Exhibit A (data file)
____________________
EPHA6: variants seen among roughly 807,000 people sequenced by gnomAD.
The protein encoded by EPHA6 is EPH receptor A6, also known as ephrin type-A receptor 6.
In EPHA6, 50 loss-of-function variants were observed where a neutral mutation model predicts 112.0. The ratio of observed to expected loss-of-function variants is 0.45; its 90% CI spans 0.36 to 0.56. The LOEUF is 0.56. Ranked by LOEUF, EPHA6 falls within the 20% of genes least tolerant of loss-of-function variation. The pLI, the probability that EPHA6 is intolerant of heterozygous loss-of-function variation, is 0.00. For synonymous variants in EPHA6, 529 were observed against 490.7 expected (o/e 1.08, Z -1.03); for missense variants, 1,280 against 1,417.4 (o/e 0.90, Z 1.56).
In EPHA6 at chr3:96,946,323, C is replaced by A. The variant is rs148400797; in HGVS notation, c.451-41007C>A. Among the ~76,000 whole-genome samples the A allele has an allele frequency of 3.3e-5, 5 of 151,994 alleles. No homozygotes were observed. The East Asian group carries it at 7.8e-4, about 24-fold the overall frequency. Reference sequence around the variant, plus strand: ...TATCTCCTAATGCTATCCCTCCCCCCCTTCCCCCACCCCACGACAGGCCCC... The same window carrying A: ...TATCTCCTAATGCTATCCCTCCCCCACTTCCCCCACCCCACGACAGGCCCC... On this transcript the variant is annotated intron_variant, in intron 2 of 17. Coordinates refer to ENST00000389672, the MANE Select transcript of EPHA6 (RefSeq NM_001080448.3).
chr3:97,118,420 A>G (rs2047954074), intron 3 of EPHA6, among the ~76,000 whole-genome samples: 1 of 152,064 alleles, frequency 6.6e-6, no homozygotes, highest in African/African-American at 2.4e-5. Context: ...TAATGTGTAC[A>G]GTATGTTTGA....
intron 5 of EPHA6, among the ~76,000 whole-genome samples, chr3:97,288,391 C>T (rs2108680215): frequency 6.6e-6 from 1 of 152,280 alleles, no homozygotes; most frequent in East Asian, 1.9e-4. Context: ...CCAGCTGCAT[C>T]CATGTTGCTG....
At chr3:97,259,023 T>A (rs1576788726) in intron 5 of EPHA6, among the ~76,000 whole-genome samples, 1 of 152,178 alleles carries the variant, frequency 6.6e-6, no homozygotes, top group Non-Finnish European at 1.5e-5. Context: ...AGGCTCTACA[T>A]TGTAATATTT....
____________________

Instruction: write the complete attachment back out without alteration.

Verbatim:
EPHA6: variants seen among roughly 807,000 people sequenced by gnomAD.
The protein encoded by EPHA6 is EPH receptor A6, also known as ephrin type-A receptor 6.
In EPHA6, 50 loss-of-function variants were observed where a neutral mutation model predicts 112.0. The ratio of observed to expected loss-of-function variants is 0.45; its 90% CI spans 0.36 to 0.56. The LOEUF is 0.56. Ranked by LOEUF, EPHA6 falls within the 20% of genes least tolerant of loss-of-function variation. The pLI, the probability that EPHA6 is intolerant of heterozygous loss-of-function variation, is 0.00. For synonymous variants in EPHA6, 529 were observed against 490.7 expected (o/e 1.08, Z -1.03); for missense variants, 1,280 against 1,417.4 (o/e 0.90, Z 1.56).
In EPHA6 at chr3:96,946,323, C is replaced by A. The variant is rs148400797; in HGVS notation, c.451-41007C>A. Among the ~76,000 whole-genome samples the A allele has an allele frequency of 3.3e-5, 5 of 151,994 alleles. No homozygotes were observed. The East Asian group carries it at 7.8e-4, about 24-fold the overall frequency. Reference sequence around the variant, plus strand: ...TATCTCCTAATGCTATCCCTCCCCCCCTTCCCCCACCCCACGACAGGCCCC... The same window carrying A: ...TATCTCCTAATGCTATCCCTCCCCCACTTCCCCCACCCCACGACAGGCCCC... On this transcript the variant is annotated intron_variant, in intron 2 of 17. Coordinates refer to ENST00000389672, the MANE Select transcript of EPHA6 (RefSeq NM_001080448.3).
chr3:97,118,420 A>G (rs2047954074), intron 3 of EPHA6, among the ~76,000 whole-genome samples: 1 of 152,064 alleles, frequency 6.6e-6, no homozygotes, highest in African/African-American at 2.4e-5. Context: ...TAATGTGTAC[A>G]GTATGTTTGA....
intron 5 of EPHA6, among the ~76,000 whole-genome samples, chr3:97,288,391 C>T (rs2108680215): frequency 6.6e-6 from 1 of 152,280 alleles, no homozygotes; most frequent in East Asian, 1.9e-4. Context: ...CCAGCTGCAT[C>T]CATGTTGCTG....
At chr3:97,259,023 T>A (rs1576788726) in intron 5 of EPHA6, among the ~76,000 whole-genome samples, 1 of 152,178 alleles carries the variant, frequency 6.6e-6, no homozygotes, top group Non-Finnish European at 1.5e-5. Context: ...AGGCTCTACA[T>A]TGTAATATTT....